MOSCOW – President Vladimir Putin on Wednesday sternly warned the West against encroaching further on Russia's security interests, saying Moscow's response will be “quick and tough” and make the culprits feel bitterly sorry for their action.
The warning during Putin's annual state-of-the-nation address came amid a massive Russian military buildup near Ukraine, where cease-fire violations in the seven-year conflict between Russia-backed separatists and Ukrainian forces have escalated in recent weeks. The United States and its allies have urged the Kremlin to pull the troops back.
“I hope that no one dares to cross the red line in respect to Russia, and we will determine where it is in each specific case,” Putin said. “Those who organize any provocations threatening our core security interests will regret their deeds more than they regretted anything for a long time.”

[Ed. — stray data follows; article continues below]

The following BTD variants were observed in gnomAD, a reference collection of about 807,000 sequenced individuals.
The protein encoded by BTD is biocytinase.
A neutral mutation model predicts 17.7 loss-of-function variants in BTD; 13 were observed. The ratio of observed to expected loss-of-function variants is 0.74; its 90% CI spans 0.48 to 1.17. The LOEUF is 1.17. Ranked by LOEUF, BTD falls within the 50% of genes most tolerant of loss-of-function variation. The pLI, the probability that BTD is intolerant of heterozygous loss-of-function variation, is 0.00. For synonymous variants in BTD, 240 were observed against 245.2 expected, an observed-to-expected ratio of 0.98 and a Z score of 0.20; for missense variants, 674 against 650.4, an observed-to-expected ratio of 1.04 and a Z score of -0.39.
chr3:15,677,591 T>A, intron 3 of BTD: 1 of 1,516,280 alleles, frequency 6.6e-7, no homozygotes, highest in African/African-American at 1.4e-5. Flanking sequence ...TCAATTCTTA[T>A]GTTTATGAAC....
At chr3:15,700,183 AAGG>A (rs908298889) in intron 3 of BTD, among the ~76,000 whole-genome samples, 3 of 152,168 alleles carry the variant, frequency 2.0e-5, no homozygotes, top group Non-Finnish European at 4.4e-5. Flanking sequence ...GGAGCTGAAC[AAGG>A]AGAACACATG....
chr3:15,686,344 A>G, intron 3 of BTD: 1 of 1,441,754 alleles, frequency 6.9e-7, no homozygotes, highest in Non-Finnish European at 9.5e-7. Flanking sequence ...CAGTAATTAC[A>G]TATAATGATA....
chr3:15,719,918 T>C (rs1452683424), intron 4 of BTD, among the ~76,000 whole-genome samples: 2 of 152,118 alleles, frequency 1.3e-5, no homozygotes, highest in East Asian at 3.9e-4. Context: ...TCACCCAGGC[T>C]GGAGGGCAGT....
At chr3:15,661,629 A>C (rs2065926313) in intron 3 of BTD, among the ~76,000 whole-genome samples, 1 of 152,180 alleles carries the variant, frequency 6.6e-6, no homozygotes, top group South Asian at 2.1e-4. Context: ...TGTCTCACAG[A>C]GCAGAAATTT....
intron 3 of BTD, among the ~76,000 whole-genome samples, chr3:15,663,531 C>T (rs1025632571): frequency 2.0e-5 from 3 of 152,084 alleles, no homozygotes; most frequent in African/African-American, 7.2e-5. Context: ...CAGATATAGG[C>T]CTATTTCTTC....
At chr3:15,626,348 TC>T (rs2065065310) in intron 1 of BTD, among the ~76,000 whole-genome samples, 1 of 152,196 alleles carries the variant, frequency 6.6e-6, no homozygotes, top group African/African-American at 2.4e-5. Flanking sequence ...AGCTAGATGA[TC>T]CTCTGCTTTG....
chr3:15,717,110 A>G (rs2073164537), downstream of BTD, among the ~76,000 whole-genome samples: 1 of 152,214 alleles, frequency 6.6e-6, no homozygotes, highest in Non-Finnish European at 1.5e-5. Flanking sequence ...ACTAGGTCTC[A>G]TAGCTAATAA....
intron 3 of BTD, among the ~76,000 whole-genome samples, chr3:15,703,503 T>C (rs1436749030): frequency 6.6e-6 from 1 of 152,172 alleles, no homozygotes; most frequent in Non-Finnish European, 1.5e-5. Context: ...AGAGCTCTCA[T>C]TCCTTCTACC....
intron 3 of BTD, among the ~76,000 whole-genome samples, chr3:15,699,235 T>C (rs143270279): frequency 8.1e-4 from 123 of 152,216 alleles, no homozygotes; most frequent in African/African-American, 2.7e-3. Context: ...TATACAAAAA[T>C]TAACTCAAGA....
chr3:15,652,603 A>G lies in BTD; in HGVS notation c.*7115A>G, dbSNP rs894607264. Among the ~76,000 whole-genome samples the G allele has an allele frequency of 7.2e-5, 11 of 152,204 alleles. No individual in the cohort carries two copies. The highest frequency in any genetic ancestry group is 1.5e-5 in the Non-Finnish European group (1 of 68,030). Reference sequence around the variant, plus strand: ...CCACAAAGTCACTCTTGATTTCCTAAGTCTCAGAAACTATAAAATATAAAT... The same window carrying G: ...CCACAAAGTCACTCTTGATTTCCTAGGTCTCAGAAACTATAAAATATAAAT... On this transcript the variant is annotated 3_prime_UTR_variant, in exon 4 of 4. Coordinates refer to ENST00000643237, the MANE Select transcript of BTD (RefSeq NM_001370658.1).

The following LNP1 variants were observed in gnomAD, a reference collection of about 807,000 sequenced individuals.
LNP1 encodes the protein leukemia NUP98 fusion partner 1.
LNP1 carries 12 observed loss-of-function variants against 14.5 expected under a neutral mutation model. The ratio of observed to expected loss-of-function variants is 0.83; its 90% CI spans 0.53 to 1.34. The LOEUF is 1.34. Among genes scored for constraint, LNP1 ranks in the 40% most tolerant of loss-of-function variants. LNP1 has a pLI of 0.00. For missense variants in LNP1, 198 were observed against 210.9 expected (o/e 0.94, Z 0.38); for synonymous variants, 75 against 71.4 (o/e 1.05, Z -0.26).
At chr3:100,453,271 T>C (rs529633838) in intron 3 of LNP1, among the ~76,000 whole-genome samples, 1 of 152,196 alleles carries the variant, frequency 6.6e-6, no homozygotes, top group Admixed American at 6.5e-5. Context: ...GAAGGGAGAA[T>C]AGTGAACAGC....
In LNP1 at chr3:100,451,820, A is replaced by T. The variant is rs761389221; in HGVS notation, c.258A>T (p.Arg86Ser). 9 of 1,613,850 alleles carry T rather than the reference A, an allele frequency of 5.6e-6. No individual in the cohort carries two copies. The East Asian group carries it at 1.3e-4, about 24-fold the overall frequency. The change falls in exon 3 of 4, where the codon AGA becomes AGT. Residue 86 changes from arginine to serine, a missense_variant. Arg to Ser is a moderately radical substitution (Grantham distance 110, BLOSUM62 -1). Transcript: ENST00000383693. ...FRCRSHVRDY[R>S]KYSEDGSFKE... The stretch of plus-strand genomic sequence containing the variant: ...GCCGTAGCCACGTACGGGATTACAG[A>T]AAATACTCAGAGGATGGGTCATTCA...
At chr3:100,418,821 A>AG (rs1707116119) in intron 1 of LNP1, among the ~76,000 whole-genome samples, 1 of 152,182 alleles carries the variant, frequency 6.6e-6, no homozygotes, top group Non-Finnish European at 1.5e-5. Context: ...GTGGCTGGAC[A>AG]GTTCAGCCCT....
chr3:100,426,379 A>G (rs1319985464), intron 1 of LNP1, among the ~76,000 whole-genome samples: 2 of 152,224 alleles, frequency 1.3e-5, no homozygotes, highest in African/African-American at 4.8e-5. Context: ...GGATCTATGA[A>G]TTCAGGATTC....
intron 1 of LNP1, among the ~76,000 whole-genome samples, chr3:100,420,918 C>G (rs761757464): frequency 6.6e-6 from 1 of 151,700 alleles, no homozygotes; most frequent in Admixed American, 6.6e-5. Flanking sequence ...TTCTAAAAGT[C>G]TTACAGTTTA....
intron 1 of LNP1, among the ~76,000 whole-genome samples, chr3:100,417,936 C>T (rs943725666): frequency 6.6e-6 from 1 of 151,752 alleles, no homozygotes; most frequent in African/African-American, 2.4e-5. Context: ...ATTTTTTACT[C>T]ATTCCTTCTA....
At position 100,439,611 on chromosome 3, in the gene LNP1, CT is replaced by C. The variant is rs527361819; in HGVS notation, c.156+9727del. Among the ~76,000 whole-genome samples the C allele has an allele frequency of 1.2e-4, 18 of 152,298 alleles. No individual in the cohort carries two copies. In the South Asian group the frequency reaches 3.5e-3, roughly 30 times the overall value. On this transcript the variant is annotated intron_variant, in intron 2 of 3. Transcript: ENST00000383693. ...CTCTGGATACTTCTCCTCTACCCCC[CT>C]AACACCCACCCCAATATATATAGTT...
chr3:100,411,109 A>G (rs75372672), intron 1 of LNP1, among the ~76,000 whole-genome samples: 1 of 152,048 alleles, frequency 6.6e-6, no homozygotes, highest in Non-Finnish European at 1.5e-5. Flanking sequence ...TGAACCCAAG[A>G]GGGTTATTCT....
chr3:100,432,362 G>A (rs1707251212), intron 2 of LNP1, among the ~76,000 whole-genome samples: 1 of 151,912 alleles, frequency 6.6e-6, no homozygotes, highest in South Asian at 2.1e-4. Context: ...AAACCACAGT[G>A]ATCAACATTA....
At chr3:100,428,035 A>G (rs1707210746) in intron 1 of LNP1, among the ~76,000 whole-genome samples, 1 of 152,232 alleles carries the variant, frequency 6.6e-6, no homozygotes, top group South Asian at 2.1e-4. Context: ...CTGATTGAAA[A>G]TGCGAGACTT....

Moscow has rejected Ukrainian and Western concerns about the troop buildup, saying it doesn't threaten anyone and that Russia is free to deploy its forces on its territory. But the Kremlin also has warned Ukraine against trying to use force to retake control of the rebel-held east, saying Russia could be forced to intervene to protect civilians in the region.
“We really don't want to burn the bridges,” Putin said. “But if some mistake our good intentions for indifference or weakness and intend to burn or even blow up those bridges themselves, Russia's response will be asymmetrical, quick and tough.”
As Putin spoke, a wave of protests started rolling across Russia's far east in support of imprisoned opposition leader Alexei Navalny, and a human rights group said over 400 were arrested.